Stephen F. Black, Director
Office: 1710 Capital Hall
Believing The University of Alabama has a critical role to play in preparing students to serve as effective, engaged and ethical citizens, the Center for Ethics and Social Responsibility (CESR) seeks to assist students in developing a distinct definition of moral and civic maturity, making the values and skills of citizenship a hallmark of a UA education.
The University of Alabama's strong commitment to civic engagement and UA's history of community-university partnerships serve as a foundation for the center. Faculty and students in a wide range of departments at UA have earned distinction for their scholarly contributions to the study of ethics and civic engagement. CESR builds upon these substantial resources, with the larger goal of linking curriculum and the campus culture by establishing multiple opportunities through which students can engage in meaningful service for academic credit while giving thoughtful consideration to their ethical obligations toward fellow citizens.
In particular, CESR staff assists faculty members in developing service-learning courses that engage community organizations in partnerships designed to both enhance academic learning and apply scholarly knowledge to salient community issues. Service experiences are integrated into students' academic curricula, providing structured time for students to think, talk and write about what they did and saw during the activities.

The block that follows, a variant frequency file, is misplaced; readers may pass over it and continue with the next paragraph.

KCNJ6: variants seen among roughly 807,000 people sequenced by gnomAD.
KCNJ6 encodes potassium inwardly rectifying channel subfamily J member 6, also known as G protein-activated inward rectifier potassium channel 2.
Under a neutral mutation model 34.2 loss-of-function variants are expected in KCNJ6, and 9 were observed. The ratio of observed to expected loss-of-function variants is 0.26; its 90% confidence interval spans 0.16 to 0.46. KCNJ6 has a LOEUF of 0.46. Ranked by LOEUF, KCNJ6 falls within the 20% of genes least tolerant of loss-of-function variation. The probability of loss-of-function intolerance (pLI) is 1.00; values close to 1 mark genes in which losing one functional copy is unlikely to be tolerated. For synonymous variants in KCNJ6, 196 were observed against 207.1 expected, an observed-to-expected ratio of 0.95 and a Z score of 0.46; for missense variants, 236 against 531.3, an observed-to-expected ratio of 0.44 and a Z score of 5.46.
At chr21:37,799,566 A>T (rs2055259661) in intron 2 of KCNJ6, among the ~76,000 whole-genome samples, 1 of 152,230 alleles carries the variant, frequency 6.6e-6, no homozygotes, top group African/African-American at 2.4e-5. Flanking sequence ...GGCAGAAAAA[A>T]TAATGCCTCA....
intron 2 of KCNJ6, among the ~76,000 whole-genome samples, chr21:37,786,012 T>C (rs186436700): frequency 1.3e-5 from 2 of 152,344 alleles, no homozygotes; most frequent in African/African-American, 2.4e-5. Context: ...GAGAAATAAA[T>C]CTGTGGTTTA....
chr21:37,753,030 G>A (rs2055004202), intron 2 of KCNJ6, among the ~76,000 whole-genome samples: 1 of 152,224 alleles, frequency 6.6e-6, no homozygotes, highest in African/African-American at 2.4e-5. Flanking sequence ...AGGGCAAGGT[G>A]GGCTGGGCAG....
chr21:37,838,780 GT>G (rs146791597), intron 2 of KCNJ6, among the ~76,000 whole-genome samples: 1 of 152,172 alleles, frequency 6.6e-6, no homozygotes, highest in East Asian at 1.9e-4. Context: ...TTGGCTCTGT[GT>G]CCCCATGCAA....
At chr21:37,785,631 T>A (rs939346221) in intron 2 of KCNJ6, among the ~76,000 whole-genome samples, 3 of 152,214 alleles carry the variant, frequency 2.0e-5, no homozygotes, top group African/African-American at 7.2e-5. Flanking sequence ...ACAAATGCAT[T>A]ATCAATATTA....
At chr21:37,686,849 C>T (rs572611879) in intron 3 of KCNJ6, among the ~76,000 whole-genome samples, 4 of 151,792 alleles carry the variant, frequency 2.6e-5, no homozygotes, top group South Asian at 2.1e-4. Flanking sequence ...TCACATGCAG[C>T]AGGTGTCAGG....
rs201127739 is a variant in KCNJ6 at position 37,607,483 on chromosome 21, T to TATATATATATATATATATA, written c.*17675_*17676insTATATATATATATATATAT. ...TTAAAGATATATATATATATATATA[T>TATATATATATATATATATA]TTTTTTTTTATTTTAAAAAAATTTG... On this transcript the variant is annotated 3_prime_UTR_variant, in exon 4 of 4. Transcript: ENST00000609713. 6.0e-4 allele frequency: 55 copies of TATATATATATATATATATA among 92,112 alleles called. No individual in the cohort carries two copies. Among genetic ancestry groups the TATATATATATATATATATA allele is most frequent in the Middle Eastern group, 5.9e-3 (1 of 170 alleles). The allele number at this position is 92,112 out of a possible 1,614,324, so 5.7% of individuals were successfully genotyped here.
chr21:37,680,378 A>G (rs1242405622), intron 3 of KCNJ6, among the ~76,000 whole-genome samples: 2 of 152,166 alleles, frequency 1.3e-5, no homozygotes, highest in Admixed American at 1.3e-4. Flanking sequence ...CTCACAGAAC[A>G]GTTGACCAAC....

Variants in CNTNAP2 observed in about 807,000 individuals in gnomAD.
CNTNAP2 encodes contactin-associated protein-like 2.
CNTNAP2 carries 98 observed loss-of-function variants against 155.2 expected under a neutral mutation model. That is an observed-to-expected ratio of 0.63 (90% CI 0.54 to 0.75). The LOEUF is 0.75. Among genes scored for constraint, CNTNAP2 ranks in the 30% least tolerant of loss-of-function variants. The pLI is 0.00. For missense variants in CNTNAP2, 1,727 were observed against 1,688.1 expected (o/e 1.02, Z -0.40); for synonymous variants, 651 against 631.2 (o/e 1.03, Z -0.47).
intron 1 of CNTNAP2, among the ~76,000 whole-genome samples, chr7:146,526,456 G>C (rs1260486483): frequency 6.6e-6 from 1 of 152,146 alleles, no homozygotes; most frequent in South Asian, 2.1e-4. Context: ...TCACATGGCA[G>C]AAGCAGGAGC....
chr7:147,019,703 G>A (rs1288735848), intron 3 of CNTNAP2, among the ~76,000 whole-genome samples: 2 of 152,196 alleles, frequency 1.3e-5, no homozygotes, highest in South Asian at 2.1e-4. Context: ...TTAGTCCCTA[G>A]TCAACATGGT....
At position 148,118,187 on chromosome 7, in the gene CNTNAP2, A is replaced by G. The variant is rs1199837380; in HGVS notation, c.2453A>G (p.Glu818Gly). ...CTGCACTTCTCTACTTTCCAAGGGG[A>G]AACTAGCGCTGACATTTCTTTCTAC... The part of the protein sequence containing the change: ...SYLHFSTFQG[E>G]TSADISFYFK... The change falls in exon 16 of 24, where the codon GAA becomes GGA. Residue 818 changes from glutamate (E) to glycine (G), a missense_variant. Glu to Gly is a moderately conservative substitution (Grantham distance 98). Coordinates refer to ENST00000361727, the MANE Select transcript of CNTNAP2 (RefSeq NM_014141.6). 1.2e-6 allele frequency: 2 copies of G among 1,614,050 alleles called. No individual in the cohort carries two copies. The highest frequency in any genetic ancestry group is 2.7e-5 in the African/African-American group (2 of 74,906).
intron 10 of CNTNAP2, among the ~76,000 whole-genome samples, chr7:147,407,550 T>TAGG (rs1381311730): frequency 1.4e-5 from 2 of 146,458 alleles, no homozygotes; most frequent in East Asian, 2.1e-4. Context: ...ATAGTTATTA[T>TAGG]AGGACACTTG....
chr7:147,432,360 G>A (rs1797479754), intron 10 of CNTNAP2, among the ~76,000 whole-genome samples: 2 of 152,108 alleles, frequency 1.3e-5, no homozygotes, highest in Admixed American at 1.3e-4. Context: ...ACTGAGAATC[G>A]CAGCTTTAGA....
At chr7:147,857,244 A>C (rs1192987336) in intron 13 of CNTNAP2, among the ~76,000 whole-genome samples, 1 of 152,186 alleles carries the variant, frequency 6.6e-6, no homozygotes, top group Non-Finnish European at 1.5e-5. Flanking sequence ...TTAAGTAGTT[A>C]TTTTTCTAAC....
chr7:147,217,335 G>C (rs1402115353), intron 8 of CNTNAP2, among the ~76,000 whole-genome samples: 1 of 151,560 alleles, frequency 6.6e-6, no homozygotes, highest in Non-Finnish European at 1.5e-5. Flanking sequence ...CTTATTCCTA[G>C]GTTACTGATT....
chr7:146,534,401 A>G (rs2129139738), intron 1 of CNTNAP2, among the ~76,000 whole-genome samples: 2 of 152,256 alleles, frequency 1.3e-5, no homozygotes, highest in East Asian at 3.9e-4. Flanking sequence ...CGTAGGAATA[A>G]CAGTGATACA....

In seeking to better connect social responsibility and ethical development to the academic mission of the University, the work of CESR also entails the development of academic programs such as Moral Forum (a universitywide debate competition that is an integral part of the University Honors Program) and a minor in civic engagement and leadership (co-sponsored by New College, the department of philosophy, the ROTC program and CESR) as well as courses such as Documenting Justice (a year-long, justice-based documentary film-making class) and SaveFirst: Poverty in America (a service-learning course that combines academic discussions on perceptions of poverty with volunteer tax preparation services for low-income families). CESR also is concerned with developing and supporting non-curricular activities that incorporate ethical and social discourse into campus life.
CESR began in fall 2005 as a result of a gift from Mignon C. Smith. Concerned about what she perceived to be an increasing lack of ethics in business and public affairs, Ms. Smith sought to establish a university-based ethics program that would support the study of ethics and develop projects to nurture social responsibility and reflective, thoughtful citizenship. Under the leadership of the president and provost, and along with the help of an interdisciplinary group of UA faculty, this vision became the CESR.